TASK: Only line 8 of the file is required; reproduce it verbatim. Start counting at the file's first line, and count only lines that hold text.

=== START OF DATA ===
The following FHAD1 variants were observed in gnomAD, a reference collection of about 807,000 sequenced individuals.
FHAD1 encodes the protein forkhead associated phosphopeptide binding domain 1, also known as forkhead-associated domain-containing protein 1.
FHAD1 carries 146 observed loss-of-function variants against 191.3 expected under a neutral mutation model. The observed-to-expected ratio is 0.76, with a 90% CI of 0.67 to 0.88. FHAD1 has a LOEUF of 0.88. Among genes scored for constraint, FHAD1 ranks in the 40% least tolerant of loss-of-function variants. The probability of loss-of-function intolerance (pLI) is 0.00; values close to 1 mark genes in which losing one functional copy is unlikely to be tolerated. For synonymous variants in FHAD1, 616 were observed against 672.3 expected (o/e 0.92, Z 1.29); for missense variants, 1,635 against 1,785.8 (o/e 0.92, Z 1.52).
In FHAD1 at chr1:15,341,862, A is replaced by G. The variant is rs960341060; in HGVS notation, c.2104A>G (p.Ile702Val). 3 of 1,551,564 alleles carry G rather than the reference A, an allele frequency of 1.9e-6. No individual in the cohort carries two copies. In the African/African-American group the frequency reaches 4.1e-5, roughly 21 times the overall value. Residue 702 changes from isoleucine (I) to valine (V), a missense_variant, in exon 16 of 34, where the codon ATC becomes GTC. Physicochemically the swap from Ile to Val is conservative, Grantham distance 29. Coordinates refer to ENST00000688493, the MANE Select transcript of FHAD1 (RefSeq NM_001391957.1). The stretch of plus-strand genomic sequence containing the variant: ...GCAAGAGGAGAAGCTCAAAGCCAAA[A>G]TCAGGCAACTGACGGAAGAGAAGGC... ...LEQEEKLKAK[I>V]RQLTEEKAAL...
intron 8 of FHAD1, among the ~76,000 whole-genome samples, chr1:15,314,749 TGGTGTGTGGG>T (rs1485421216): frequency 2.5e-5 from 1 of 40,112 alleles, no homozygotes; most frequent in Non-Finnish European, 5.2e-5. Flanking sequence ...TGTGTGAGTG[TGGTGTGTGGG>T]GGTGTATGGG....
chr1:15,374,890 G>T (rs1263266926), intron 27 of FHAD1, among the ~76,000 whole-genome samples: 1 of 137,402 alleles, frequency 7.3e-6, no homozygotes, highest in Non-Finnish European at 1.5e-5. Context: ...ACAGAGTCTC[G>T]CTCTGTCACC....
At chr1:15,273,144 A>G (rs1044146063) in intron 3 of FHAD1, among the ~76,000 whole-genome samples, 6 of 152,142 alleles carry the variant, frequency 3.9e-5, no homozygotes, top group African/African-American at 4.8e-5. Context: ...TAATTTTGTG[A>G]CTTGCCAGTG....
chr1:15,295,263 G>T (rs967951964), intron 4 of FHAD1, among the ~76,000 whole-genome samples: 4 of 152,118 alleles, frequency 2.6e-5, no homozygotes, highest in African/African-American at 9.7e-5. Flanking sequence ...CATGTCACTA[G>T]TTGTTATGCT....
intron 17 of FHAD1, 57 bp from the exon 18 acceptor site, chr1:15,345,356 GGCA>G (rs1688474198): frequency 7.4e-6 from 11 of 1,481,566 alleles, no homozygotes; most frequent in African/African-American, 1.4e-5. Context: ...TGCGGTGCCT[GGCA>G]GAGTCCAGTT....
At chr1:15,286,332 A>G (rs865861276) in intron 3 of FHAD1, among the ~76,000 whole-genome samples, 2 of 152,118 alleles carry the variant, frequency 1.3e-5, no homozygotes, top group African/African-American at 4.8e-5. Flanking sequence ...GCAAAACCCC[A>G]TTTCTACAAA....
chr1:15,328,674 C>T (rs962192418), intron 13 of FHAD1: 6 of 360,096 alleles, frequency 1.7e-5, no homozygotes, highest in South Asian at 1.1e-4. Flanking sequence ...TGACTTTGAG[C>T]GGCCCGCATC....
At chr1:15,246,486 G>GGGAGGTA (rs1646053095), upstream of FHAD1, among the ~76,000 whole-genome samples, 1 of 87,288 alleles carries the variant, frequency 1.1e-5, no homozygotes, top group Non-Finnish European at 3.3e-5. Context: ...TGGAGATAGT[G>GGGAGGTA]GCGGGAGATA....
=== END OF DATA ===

chr1:15,295,263 G>T (rs967951964), intron 4 of FHAD1, among the ~76,000 whole-genome samples: 4 of 152,118 alleles, frequency 2.6e-5, no homozygotes, highest in African/African-American at 9.7e-5. Flanking sequence ...CATGTCACTA[G>T]TTGTTATGCT....